Q. Why is this in news?
A. The SC Collegium has recommended the transfer of judges of several HC, including the transfer of a Justice of the Andhra Pradesh High Court.
Q. What is Collegium?
- Collegium system of the Supreme Court (SC) and the High Courts (HCs) of India is based on the precedence established by the “Three Judges Cases (1982, 1993, 1998)
- It is a legally valid system of appointment and transfer of judges in the SC and all HCs.
- It is a system of checks and balance, which ensures the independence of the senior judiciary in India.
The Collegium of judges is the Indian SC’s invention.
- It does not figure in the Constitution, which says judges of the SC and HC are appointed by the President and speaks of a process of consultation.
- In effect, it is a system under which judges are appointed by an institution comprising judges.
- After some judges were superseded in the appointment of the CJI in the 1970s and attempts made subsequently to effect a mass transfer of High Court judges across the country.
- Hence there was a perception that the independence of the judiciary was under threat. This resulted in a series of cases over the years.
Q. What are The Judges Cases?
- The First Judges Case (1981) ruled that the “consultation” with the CJI in the matter of appointments must be full and effective.
- However, it rejected the idea that the CJI’s opinion, albeit carrying great weight, should have primacy.
- The Second Judges Case (1993) introduced the Collegium system, holding that “consultation” really meant “concurrence”.
- It added that it was not the CJI’s individual opinion, but an institutional opinion formed in consultation with the two senior-most judges in the SC.
- On a Presidential Reference in its opinion, the SC, in the Third Judges Case (1998) expanded the Collegium to a five-member body, comprising the CJI and four of his senior-most colleagues.
Q. How is appointment of CJI done in Indian context?
- The President of India appoints the CJI and the other SC judges.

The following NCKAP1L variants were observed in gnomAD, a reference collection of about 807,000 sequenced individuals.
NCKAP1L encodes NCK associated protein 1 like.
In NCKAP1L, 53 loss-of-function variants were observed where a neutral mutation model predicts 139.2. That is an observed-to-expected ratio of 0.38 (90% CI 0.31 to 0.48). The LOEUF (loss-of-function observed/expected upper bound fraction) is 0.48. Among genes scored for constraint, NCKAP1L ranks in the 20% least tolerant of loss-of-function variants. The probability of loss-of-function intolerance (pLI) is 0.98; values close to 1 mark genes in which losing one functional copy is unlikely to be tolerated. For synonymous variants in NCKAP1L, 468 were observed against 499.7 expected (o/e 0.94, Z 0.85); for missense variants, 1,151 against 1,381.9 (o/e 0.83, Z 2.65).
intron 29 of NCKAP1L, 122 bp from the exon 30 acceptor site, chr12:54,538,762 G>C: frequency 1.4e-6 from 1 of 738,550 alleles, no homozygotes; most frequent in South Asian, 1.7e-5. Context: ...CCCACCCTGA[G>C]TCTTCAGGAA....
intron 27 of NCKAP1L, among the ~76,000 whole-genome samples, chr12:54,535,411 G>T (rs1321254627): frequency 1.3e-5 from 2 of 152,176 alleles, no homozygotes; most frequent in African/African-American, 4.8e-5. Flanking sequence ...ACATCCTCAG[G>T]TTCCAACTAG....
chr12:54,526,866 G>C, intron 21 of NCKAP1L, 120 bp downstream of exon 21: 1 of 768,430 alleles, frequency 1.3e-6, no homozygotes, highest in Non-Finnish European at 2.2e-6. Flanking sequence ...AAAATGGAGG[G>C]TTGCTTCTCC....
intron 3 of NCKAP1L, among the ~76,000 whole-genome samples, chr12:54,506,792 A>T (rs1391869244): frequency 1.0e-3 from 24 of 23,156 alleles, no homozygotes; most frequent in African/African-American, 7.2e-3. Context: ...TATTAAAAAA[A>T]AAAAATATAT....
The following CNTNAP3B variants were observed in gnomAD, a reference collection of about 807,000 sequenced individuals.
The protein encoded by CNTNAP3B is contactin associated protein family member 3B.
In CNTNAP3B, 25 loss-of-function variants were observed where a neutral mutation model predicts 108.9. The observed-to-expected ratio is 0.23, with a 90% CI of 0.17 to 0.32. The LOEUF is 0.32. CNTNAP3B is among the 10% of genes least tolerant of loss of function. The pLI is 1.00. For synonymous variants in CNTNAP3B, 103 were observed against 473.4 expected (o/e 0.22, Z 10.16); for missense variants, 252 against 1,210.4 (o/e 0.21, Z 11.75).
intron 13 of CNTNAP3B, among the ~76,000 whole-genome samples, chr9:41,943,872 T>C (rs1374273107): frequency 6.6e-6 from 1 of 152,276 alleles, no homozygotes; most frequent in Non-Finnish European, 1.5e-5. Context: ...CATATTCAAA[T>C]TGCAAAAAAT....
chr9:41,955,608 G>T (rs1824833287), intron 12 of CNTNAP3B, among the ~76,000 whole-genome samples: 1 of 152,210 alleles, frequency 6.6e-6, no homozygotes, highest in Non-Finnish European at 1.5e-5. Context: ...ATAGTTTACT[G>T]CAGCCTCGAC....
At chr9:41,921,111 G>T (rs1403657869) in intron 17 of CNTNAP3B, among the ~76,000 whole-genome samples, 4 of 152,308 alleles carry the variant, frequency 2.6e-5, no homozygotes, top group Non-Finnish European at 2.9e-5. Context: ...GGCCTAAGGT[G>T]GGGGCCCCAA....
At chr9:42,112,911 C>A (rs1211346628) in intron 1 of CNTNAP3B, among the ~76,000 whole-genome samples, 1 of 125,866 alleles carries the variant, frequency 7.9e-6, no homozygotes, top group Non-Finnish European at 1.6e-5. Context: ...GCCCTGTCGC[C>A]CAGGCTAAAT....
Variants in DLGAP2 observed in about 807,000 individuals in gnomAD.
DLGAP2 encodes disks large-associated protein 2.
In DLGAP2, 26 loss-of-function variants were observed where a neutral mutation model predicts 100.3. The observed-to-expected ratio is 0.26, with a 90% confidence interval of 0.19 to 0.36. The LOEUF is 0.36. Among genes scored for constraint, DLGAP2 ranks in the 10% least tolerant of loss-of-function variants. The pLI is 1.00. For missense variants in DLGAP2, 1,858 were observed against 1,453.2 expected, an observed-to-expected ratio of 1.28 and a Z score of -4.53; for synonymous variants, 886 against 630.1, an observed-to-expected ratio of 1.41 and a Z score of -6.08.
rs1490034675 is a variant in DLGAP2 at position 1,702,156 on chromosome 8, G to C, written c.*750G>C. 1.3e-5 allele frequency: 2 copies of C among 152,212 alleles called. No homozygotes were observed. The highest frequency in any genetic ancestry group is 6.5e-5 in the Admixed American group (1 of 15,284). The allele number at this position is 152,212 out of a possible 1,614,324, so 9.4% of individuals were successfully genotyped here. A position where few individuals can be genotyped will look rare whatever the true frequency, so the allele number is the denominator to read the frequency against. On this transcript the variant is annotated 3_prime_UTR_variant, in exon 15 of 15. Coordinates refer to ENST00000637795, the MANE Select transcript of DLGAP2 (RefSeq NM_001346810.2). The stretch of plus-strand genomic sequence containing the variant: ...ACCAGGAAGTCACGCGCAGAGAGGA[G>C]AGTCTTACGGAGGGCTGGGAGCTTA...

- As far as the CJI is concerned, the outgoing CJI recommends his successor.
- In practice, it has been strictly by seniority ever since the supersession controversy of the 1970s.
- The Union Law Minister forwards the recommendation to the PM who, in turn, advises the President.
Other SC Judges
- For other judges of the top court, the proposal is initiated by the CJI.
- The CJI consults the rest of the Collegium members, as well as the senior-most judge of the court hailing from the High Court to which the recommended person belongs.
- The consultees must record their opinions in writing and it should form part of the file.
- The Collegium sends the recommendation to the Law Minister, who forwards it to the Prime Minister to advise the President.
Q. How is CJI for HC is appointed?
- The CJs of HC is appointed as per the policy of having Chief Justices from outside the respective States. The Collegium takes the call on the elevation.
- High Court judges are recommended by a Collegium comprising the CJI and two senior-most judges.
- The proposal, however, is initiated by the Chief Justice of the High Court concerned in consultation with two senior-most colleagues.
- The recommendation is sent to the Chief Minister, who advises the Governor to send the proposal to the Union Law Minister.
Q. Does the Collegium recommend transfers too?
- Yes, the Collegium also recommends the transfer of Chief Justices and other judges.
- Article 222 of the Constitution provides for the transfer of a judge from one High Court to another.
- When a CJ is transferred, a replacement must also be simultaneously found for the High Court concerned. There can be an acting CJ in a High Court for not more than a month.
- In matters of transfers, the opinion of the CJI “is determinative”, and the consent of the judge concerned is not required.
- However, the CJI should take into account the views of the CJ of the High Court concerned and the views of one or more SC judges who are in a position to do so.
- All transfers must be made in the public interest, that is, “for the betterment of the administration of justice”.
Q. Why is the system being criticized?
- Many have faulted the system, not only for its being seen as something unforeseen by the Constitution makers but also for the way it functions.
- Opaqueness and a lack of transparency, and the scope for nepotism are cited often.
- The attempt made to replace it by a ‘National Judicial Appointments Commission’ was struck down by the court in 2015 on the ground that it posed a threat to the independence of the judiciary.
- Some do not believe in full disclosure of reasons for transfers, as it may make lawyers in the destination court chary of the transferred judge.
- Embroilment in public controversies and having relatives practising in the same High Court could be common reasons for transfers.
Q. What are the scope for transparency?
- In respect of appointments, there has been an acknowledgement that the “zone of consideration” must be expanded to avoid criticism that many appointees hail from families of retired judges.
- The status of a proposed new memorandum of procedure, to infuse greater accountability, is also unclear.